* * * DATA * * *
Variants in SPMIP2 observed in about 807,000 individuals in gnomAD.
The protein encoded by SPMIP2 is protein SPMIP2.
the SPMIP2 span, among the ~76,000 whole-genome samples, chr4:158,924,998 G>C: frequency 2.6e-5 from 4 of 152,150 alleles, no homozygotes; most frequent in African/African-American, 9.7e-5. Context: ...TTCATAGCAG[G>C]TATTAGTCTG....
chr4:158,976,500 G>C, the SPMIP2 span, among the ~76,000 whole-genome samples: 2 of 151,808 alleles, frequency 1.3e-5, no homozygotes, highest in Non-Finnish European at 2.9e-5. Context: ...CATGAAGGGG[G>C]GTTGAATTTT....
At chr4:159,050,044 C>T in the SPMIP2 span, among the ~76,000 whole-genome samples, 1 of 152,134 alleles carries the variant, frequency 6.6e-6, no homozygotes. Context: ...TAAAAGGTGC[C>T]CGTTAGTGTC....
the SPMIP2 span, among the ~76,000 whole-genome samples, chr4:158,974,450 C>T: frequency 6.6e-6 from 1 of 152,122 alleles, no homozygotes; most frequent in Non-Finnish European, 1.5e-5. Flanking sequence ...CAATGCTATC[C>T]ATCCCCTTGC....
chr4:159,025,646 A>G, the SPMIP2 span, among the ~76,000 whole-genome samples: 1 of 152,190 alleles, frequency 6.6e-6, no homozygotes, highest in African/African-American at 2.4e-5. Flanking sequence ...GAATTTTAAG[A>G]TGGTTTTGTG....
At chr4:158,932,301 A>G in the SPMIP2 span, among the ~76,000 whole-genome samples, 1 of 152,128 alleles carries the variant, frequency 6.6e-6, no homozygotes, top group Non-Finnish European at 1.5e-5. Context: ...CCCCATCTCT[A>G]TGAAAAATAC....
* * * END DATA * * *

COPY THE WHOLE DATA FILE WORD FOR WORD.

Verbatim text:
Variants in SPMIP2 observed in about 807,000 individuals in gnomAD.
The protein encoded by SPMIP2 is protein SPMIP2.
the SPMIP2 span, among the ~76,000 whole-genome samples, chr4:158,924,998 G>C: frequency 2.6e-5 from 4 of 152,150 alleles, no homozygotes; most frequent in African/African-American, 9.7e-5. Context: ...TTCATAGCAG[G>C]TATTAGTCTG....
chr4:158,976,500 G>C, the SPMIP2 span, among the ~76,000 whole-genome samples: 2 of 151,808 alleles, frequency 1.3e-5, no homozygotes, highest in Non-Finnish European at 2.9e-5. Context: ...CATGAAGGGG[G>C]GTTGAATTTT....
At chr4:159,050,044 C>T in the SPMIP2 span, among the ~76,000 whole-genome samples, 1 of 152,134 alleles carries the variant, frequency 6.6e-6, no homozygotes. Context: ...TAAAAGGTGC[C>T]CGTTAGTGTC....
the SPMIP2 span, among the ~76,000 whole-genome samples, chr4:158,974,450 C>T: frequency 6.6e-6 from 1 of 152,122 alleles, no homozygotes; most frequent in Non-Finnish European, 1.5e-5. Flanking sequence ...CAATGCTATC[C>T]ATCCCCTTGC....
chr4:159,025,646 A>G, the SPMIP2 span, among the ~76,000 whole-genome samples: 1 of 152,190 alleles, frequency 6.6e-6, no homozygotes, highest in African/African-American at 2.4e-5. Flanking sequence ...GAATTTTAAG[A>G]TGGTTTTGTG....
At chr4:158,932,301 A>G in the SPMIP2 span, among the ~76,000 whole-genome samples, 1 of 152,128 alleles carries the variant, frequency 6.6e-6, no homozygotes, top group Non-Finnish European at 1.5e-5. Context: ...CCCCATCTCT[A>G]TGAAAAATAC....